How will teachers initially identify struggling readers?
Page 3: Identification of Struggling Readers
Click on the movie to learn about Rosa Parks’s universal screening plan (time: 1:00).
See the table below for the Rosa Parks Elementary universal screening plan.
|Universal Screening Assessment Options||Rosa Parks’s Decisions|
|Frequency of the screening||Three times per year (fall, winter, and spring)|
|Screening measure||Dolch sight word list|
|Criteria used to determine which students are in need of intervention||Bottom 25 percent of each first-grade class*|
* Although research indicates that some 20–30% of students in the early elementary grades struggle with reading, it may be necessary to progress monitor as many as 50% of the students in classrooms to determine which students are truly in need of intervention.
Before going further, please note that this module describes just one way of implementing assessment procedures for RTI. For the sake of example, we chose to utilize a variety of assessment measures for universal screening and progress monitoring. However, in a school setting, this may not be the most desirable or practical option.
Administration of the Universal Screening
Mrs. Hernandez, a first-grade teacher at Rosa Parks, individually administered the Dolch sight word list (a random selection of 100 high-frequency words at the first-grade reading level) to each student in her class. To do so, she set aside the last 10 minutes of regularly scheduled silent reading. She was excited to be finished with the universal screenings after only four days.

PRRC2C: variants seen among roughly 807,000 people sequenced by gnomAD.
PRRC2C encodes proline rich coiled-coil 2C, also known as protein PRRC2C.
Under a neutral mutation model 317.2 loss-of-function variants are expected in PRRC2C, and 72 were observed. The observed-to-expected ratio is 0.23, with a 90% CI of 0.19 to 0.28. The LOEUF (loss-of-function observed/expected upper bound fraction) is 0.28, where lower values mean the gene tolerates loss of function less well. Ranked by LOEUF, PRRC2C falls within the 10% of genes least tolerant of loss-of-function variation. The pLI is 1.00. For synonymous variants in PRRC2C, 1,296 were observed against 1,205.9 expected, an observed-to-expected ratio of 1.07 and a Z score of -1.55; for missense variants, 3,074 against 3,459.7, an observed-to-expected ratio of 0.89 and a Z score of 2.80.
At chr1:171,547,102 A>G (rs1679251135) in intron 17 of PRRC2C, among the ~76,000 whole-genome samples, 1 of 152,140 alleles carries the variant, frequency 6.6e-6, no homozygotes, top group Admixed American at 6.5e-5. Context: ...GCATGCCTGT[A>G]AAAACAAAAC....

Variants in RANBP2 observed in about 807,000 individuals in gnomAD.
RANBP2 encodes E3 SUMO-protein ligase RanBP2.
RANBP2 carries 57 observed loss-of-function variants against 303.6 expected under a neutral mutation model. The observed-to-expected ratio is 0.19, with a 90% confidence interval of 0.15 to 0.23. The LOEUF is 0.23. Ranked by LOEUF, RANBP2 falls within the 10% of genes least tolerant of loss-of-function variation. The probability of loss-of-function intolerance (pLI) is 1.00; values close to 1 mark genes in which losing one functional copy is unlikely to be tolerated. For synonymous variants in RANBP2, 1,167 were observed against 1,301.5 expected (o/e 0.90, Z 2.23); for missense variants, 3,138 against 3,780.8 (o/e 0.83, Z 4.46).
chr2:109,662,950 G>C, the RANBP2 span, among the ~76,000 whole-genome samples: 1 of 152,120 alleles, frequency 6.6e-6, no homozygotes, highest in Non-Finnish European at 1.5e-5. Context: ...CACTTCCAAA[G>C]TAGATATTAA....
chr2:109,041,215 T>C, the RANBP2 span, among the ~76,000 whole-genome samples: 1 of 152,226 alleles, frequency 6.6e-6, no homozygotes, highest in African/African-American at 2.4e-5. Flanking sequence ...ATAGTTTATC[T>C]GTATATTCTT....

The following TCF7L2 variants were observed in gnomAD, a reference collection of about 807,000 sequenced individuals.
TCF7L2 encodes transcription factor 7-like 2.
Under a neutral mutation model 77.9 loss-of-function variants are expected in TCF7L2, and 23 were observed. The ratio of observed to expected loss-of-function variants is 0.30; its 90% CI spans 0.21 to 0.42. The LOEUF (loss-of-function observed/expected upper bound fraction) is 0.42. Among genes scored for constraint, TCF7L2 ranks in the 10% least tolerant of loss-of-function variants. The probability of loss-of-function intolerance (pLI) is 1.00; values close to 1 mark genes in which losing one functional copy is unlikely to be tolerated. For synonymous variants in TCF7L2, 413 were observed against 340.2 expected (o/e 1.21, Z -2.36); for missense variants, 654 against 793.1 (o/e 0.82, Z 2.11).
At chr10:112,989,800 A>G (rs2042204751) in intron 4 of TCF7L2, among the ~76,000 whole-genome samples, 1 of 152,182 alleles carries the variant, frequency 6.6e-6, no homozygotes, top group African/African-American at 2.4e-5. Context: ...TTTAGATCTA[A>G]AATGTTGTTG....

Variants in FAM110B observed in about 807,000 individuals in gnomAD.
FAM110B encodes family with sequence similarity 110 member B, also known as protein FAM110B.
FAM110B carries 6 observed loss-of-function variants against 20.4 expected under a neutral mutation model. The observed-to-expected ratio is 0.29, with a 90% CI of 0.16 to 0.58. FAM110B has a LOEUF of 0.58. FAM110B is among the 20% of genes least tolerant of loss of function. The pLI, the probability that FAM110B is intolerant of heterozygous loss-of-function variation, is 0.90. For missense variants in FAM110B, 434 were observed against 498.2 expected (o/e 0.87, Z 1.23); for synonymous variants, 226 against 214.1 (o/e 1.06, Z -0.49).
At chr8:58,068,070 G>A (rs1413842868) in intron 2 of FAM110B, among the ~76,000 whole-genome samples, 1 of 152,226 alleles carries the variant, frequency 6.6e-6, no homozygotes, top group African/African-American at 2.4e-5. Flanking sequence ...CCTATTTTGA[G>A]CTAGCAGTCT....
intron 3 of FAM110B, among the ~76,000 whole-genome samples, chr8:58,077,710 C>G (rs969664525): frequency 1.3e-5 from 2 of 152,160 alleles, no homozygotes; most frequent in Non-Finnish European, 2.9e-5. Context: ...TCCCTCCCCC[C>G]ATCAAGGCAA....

Listen as Mrs. Hernandez administers a first-grade Dolch sight word list to two of her students, Mai and LaToya. Click on each student’s picture below to hear the administration of the assessment and how Mrs. Hernandez records their performance.
Decision-Making Based on the Universal Screening Results
Having administered the universal screening measure, Mrs. Hernandez rank-ordered the students in her class based on their scores. She identified the bottom 25 percent of the class as struggling readers based on the criterion set by the S-Team. The figure on the right illustrates the RTI decision-making process for universal screening. Mrs. Hernandez will monitor the progress of these students over the next eight weeks to see who may need more targeted intervention.
Below are the results of the universal screening assessment for Mrs. Hernandez’s class. The students scoring in the bottom 25 percent of the class are DeJuan, Megan, Ryan, LaToya, and Jack. Mrs. Hernandez will monitor these students during Tier 1 instruction to determine whether they are responding adequately.
|Student name||Number of words read correctly in one minute|
The S-Team at Rosa Parks could have used a number of different methods to identify struggling readers.
The S-Team at Rosa Parks could have used a number of different methods to identify struggling readers. Below are the results for Mrs. Hernandez’s class for two other assessment methods: using a CBM probe and using scores on a standardized achievement test.